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it, it's the power of creation itself, and the ocean is one of the most powerful things in the world. That's why the heirs when they want to talk about something vast, they say, who are bound, it's an ocean, it's an ocean of puran bound. That's actually the law. You know, the opposite of Quran is an ocean, there's no shores to that ocean, a shirtless ocean, you can't even imagine that a shortlists ocean. So, doing good in the world is beautifying the world. That's what you're doing. And that's what that's about. So he asked him, tell me about what beautiful and he says doing beautiful means you should worship God as if you see him. Now, just if you think about what that

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means. What that means is, if you can imagine that you actually are seeing God, how would you behave in the world? How would you treat other people, other creatures of God? How would you treat God's creation, if you go to somebody's house, you don't spit on their carpet. You don't urinate in the corner of the room. You do Why? Because it's not your house. And you have to behave with proper comportment in the house. And the better behavior that you have, the more likely that he'll invite you back. So the idea of being in the world as if you see God is the idea that you are a guest in a Dominion that belongs to God. And that if you actually behave in the world, as if you see him, you

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will behave appropriately, you will behave with excellent manners, you will behave beautifully. And that's what the essence of it. And then he says, any even if you don't see him, at least you know that he sees you.

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So the highest stage of ifs, and is really to be as if you see God, but if you don't, at least, you know, he sees you so that your behavior is still appropriate. And then he says, tell me about the hour and the province allies that said, the one being question does not know more than the one asking the question.

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In other words, the the moment that the world ends is a secret. And so he says then tell me about it's a mirage, it's signs it's marked. So this is the signs of the latter days. The Prophet salallahu alaihe salam says, The slave girl gives birth to her mistress. Now the enema have always considered this a very unusual statement, but the Ottoman have gone into three dominant interpretations. One of them is that it is the turning upside down of social order.

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That right becomes wrong wrong becomes right

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High people become low, low, people become high, that this is what happens. And so the idea of a mistress giving birth to a slave, if you invert that it's the Emma and Emma to Teddy do a better Ha. All right, the servant gives birth to her master. It's an inversion of realities was called fun but how pious so you see the slave girl give birth to her mistress. One of the interpretations also is that it means children will become completely rebellious against their parents, which in Confucian understanding is the worst possible sign in a human society when filial piety no longer exists, because the whole social order is based on the authority of the family. And the thing about families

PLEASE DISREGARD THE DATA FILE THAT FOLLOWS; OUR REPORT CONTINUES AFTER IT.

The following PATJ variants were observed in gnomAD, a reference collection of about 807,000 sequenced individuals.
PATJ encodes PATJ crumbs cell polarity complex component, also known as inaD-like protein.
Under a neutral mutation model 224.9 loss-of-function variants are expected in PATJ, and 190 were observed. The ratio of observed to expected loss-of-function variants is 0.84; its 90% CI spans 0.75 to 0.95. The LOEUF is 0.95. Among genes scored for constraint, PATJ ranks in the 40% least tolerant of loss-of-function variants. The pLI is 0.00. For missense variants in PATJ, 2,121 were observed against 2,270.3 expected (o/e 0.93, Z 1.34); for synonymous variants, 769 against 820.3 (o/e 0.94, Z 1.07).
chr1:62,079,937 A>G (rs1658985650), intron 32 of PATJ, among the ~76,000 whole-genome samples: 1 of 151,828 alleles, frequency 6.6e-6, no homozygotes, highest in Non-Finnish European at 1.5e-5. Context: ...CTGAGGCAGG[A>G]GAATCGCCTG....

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families are not just children are in a despotic situation. Parents are tyrants, basically. But what the ethicists say is that justice is only necessary in the absence of love. So the reason that we tolerate family situations is because of that other element that exists which is love. In other words, we know that the parent is doing what they do out of love for the child. So when the parent doesn't allow the child to eat, what's harmful candy or whatever, or doesn't allow the child to watch television or doesn't allow these are apparently arbitrary moves on behalf of the parent to the child. So the child experiences is as really a type of tyranny. And I always love the one where

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the child's like crawling, and the parent comes and just picks it up and goes in other direction. I mean, if you just look at a total act of despotism, I mean, that is a real act of arbitrary despotic behavior.

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But obviously, there's a reason and that's why it's not tyrannical. It's on the contrary, it's benevolent. So and then the man went away and after we had waited lavista Melia, you know, he says, We waited a time Some say it was three days, it was a period of time, at which point the prophets allies to them said, Do you know who the questioner was? Omar, it's interesting. He waited a few days. He said, Do you know who that questioner was? And this was also assigned that the Sahaba didn't ask the Prophet unnecessary questions, because you would think Omar would have said Who was that y'all so a lot but they weren't like that. They were people that that just they asked what was

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absolutely necessary to ask